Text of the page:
Again, go back to the great research & strategy work that you’ve done so far on your brand story, and who you’re telling it to. If you’re telling a story about expertise and reliability, and you’re telling it to an audience that’s looking for experience and premium, then you could try an elegant serif font like Marcellus.
On the other hand if you want to position yourself as the underdog in your category, and you’re telling this story to a young crowd of tech-oriented people, then you may want to use a bold, sans serif font such as Archive Black.
Try different styles! Making your logo all caps will give it stability, lower case, it’ll feel more playful, try a light version, it’ll appear more elegant, and a bold one if you’re feeling… well, bold!
This might sound simplistic, but these are really good guidelines to follow if you want to hack your own branding and DIY your logo! Either way, we would always recommend to stay simple, and avoid cliche ideas or gimmicks.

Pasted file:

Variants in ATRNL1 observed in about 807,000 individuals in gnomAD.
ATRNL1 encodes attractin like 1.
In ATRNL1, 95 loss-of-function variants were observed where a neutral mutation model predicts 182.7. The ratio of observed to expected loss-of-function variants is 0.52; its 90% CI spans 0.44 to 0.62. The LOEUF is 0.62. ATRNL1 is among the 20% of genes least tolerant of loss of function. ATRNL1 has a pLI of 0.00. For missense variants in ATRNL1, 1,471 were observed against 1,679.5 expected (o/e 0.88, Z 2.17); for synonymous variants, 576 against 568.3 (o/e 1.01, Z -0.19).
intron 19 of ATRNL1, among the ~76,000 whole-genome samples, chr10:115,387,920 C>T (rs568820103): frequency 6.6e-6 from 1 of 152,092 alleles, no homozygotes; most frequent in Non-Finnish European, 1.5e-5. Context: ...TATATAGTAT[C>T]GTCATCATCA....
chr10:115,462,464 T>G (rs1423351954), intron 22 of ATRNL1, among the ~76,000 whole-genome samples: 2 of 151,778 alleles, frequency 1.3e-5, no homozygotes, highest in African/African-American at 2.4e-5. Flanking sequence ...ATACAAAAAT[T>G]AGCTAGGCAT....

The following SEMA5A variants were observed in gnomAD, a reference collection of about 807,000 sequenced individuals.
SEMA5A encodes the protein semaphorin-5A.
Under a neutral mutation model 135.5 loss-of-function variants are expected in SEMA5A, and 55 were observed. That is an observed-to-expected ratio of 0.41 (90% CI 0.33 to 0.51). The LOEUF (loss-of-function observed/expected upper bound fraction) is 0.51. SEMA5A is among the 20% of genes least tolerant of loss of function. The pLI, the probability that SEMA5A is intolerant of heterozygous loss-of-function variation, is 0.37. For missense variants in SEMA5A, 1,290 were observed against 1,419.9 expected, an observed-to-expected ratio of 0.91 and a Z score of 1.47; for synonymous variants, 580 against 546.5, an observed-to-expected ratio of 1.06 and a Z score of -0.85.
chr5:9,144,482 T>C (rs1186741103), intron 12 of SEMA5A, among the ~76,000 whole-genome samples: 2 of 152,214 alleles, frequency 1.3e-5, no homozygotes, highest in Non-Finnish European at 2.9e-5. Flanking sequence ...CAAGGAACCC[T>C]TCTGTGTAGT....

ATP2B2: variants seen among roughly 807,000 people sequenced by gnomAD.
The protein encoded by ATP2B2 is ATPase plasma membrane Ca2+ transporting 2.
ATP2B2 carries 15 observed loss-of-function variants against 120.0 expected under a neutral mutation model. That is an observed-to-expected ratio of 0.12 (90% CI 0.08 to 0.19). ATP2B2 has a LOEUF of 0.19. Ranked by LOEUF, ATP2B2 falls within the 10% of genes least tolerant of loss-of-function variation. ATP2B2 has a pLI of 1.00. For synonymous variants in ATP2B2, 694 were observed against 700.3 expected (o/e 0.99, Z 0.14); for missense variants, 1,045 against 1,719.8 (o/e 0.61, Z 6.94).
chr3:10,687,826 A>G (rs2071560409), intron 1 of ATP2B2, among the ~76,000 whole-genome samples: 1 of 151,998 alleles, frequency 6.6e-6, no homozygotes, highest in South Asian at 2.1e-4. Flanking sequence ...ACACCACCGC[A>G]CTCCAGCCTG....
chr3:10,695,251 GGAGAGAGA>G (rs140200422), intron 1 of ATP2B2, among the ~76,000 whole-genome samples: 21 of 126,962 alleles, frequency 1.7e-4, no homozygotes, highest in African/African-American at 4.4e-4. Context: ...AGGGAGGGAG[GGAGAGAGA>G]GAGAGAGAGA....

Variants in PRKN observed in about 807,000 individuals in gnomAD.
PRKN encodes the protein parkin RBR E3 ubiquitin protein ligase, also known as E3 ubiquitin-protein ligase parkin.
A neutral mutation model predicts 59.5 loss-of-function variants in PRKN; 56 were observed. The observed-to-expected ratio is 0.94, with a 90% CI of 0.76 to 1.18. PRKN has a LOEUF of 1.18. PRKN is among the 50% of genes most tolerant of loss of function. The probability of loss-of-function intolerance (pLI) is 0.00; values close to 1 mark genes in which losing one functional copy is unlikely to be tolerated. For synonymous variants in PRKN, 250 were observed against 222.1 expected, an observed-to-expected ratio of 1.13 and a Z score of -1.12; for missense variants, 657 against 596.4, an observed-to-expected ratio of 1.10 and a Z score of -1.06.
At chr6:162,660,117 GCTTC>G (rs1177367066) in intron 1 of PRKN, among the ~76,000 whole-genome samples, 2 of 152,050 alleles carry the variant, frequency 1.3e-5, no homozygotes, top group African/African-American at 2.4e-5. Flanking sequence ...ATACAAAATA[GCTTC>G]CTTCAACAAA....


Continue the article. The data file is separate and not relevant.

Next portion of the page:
Color psychology is the study of hues and their influence on human behaviour. You can influence the way your startup logo will be perceived by using the right colour, hue, saturation, tone etc.
We all know that colours are associated with feeling, emotions and perceptions, it’s pretty obvious to everyone that green is very often associated with nature, plants and the general idea of the environment.
But it gets more subtle. If light green inspires tranquility and peace of mind, a more lemony electric green is more energetic and inspires movement. Dark greens are usually used by legacy companies to inspire tradition, and authenticity.
Blue generally means stable, reliable and professional. For that reason, it’s actually the most common colour found on Fortune 500 companies logo. Think banking, insurance, pharmaceutical, software… You will most likely see a lot of blue. But similarly to the colour green, depending on the hue, the intensity or saturation, you can either communicate stability and calm, or energy, electricity and connectedness.